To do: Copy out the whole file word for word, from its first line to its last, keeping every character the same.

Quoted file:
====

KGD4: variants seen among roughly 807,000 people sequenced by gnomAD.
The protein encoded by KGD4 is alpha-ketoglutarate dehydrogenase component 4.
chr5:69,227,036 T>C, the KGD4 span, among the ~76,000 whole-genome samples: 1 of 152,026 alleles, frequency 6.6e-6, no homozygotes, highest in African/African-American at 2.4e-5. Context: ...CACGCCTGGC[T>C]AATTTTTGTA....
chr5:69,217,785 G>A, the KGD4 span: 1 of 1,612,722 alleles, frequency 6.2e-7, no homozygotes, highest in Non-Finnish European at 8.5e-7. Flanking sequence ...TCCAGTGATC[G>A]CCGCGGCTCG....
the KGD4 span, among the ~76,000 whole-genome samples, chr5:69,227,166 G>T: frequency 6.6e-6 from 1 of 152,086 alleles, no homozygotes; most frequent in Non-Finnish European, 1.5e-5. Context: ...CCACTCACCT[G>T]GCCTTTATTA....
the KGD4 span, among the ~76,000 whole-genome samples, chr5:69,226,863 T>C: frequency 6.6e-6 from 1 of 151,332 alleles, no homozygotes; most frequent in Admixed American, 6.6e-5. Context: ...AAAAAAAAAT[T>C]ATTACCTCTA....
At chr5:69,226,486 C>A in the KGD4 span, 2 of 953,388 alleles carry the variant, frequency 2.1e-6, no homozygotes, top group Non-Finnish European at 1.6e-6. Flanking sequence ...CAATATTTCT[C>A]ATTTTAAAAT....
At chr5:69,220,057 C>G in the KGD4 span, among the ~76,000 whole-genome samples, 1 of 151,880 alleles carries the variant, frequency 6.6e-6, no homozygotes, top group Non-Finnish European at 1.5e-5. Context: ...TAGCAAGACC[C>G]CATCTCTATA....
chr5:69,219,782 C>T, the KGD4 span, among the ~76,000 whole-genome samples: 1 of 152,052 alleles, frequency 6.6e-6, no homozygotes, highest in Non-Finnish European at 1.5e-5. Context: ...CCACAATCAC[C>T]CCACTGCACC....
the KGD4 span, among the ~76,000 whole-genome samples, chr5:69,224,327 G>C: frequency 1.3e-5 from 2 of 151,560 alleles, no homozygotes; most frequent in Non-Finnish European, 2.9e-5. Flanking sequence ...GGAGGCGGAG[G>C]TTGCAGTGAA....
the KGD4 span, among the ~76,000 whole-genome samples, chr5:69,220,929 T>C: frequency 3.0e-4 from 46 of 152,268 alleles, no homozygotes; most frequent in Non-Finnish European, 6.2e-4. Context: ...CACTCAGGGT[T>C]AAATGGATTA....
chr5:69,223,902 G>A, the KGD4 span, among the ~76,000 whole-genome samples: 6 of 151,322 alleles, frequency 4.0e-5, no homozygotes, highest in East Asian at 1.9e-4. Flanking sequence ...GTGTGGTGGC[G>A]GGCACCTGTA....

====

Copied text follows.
KGD4: variants seen among roughly 807,000 people sequenced by gnomAD.
The protein encoded by KGD4 is alpha-ketoglutarate dehydrogenase component 4.
chr5:69,227,036 T>C, the KGD4 span, among the ~76,000 whole-genome samples: 1 of 152,026 alleles, frequency 6.6e-6, no homozygotes, highest in African/African-American at 2.4e-5. Context: ...CACGCCTGGC[T>C]AATTTTTGTA....
chr5:69,217,785 G>A, the KGD4 span: 1 of 1,612,722 alleles, frequency 6.2e-7, no homozygotes, highest in Non-Finnish European at 8.5e-7. Flanking sequence ...TCCAGTGATC[G>A]CCGCGGCTCG....
the KGD4 span, among the ~76,000 whole-genome samples, chr5:69,227,166 G>T: frequency 6.6e-6 from 1 of 152,086 alleles, no homozygotes; most frequent in Non-Finnish European, 1.5e-5. Context: ...CCACTCACCT[G>T]GCCTTTATTA....
the KGD4 span, among the ~76,000 whole-genome samples, chr5:69,226,863 T>C: frequency 6.6e-6 from 1 of 151,332 alleles, no homozygotes; most frequent in Admixed American, 6.6e-5. Context: ...AAAAAAAAAT[T>C]ATTACCTCTA....
At chr5:69,226,486 C>A in the KGD4 span, 2 of 953,388 alleles carry the variant, frequency 2.1e-6, no homozygotes, top group Non-Finnish European at 1.6e-6. Flanking sequence ...CAATATTTCT[C>A]ATTTTAAAAT....
At chr5:69,220,057 C>G in the KGD4 span, among the ~76,000 whole-genome samples, 1 of 151,880 alleles carries the variant, frequency 6.6e-6, no homozygotes, top group Non-Finnish European at 1.5e-5. Context: ...TAGCAAGACC[C>G]CATCTCTATA....
chr5:69,219,782 C>T, the KGD4 span, among the ~76,000 whole-genome samples: 1 of 152,052 alleles, frequency 6.6e-6, no homozygotes, highest in Non-Finnish European at 1.5e-5. Context: ...CCACAATCAC[C>T]CCACTGCACC....
the KGD4 span, among the ~76,000 whole-genome samples, chr5:69,224,327 G>C: frequency 1.3e-5 from 2 of 151,560 alleles, no homozygotes; most frequent in Non-Finnish European, 2.9e-5. Flanking sequence ...GGAGGCGGAG[G>C]TTGCAGTGAA....
the KGD4 span, among the ~76,000 whole-genome samples, chr5:69,220,929 T>C: frequency 3.0e-4 from 46 of 152,268 alleles, no homozygotes; most frequent in Non-Finnish European, 6.2e-4. Context: ...CACTCAGGGT[T>C]AAATGGATTA....
chr5:69,223,902 G>A, the KGD4 span, among the ~76,000 whole-genome samples: 6 of 151,322 alleles, frequency 4.0e-5, no homozygotes, highest in East Asian at 1.9e-4. Flanking sequence ...GTGTGGTGGC[G>A]GGCACCTGTA....